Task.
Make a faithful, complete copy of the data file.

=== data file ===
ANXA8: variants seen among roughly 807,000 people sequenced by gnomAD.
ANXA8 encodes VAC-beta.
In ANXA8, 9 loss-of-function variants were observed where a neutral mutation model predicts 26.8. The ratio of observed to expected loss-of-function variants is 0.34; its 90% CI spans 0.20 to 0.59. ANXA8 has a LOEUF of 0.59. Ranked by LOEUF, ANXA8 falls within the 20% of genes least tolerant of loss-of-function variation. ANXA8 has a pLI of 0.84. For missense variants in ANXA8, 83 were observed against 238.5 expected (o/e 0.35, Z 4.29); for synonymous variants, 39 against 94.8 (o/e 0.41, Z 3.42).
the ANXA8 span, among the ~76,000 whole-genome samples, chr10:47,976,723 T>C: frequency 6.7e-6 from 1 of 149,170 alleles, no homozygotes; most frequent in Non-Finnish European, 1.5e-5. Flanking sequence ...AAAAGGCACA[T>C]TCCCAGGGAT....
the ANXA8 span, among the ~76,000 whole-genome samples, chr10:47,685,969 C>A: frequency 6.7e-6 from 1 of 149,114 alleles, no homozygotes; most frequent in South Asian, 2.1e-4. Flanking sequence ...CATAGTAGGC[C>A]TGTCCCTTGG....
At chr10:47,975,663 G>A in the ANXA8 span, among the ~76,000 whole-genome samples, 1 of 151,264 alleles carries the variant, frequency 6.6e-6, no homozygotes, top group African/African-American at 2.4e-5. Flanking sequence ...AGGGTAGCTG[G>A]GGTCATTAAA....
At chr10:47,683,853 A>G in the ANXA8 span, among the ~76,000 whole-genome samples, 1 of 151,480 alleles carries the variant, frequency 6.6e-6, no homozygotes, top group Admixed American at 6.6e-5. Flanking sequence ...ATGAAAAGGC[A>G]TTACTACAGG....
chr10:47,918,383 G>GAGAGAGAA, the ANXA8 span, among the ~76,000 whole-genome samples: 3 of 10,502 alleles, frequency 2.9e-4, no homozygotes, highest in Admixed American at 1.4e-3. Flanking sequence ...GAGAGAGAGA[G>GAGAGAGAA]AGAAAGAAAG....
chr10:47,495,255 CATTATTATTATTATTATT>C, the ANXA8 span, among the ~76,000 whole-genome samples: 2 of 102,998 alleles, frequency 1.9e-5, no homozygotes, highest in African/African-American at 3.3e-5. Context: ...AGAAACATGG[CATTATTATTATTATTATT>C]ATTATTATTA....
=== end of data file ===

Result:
ANXA8: variants seen among roughly 807,000 people sequenced by gnomAD.
ANXA8 encodes VAC-beta.
In ANXA8, 9 loss-of-function variants were observed where a neutral mutation model predicts 26.8. The ratio of observed to expected loss-of-function variants is 0.34; its 90% CI spans 0.20 to 0.59. ANXA8 has a LOEUF of 0.59. Ranked by LOEUF, ANXA8 falls within the 20% of genes least tolerant of loss-of-function variation. ANXA8 has a pLI of 0.84. For missense variants in ANXA8, 83 were observed against 238.5 expected (o/e 0.35, Z 4.29); for synonymous variants, 39 against 94.8 (o/e 0.41, Z 3.42).
the ANXA8 span, among the ~76,000 whole-genome samples, chr10:47,976,723 T>C: frequency 6.7e-6 from 1 of 149,170 alleles, no homozygotes; most frequent in Non-Finnish European, 1.5e-5. Flanking sequence ...AAAAGGCACA[T>C]TCCCAGGGAT....
the ANXA8 span, among the ~76,000 whole-genome samples, chr10:47,685,969 C>A: frequency 6.7e-6 from 1 of 149,114 alleles, no homozygotes; most frequent in South Asian, 2.1e-4. Flanking sequence ...CATAGTAGGC[C>A]TGTCCCTTGG....
At chr10:47,975,663 G>A in the ANXA8 span, among the ~76,000 whole-genome samples, 1 of 151,264 alleles carries the variant, frequency 6.6e-6, no homozygotes, top group African/African-American at 2.4e-5. Flanking sequence ...AGGGTAGCTG[G>A]GGTCATTAAA....
At chr10:47,683,853 A>G in the ANXA8 span, among the ~76,000 whole-genome samples, 1 of 151,480 alleles carries the variant, frequency 6.6e-6, no homozygotes, top group Admixed American at 6.6e-5. Flanking sequence ...ATGAAAAGGC[A>G]TTACTACAGG....
chr10:47,918,383 G>GAGAGAGAA, the ANXA8 span, among the ~76,000 whole-genome samples: 3 of 10,502 alleles, frequency 2.9e-4, no homozygotes, highest in Admixed American at 1.4e-3. Flanking sequence ...GAGAGAGAGA[G>GAGAGAGAA]AGAAAGAAAG....
chr10:47,495,255 CATTATTATTATTATTATT>C, the ANXA8 span, among the ~76,000 whole-genome samples: 2 of 102,998 alleles, frequency 1.9e-5, no homozygotes, highest in African/African-American at 3.3e-5. Context: ...AGAAACATGG[CATTATTATTATTATTATT>C]ATTATTATTA....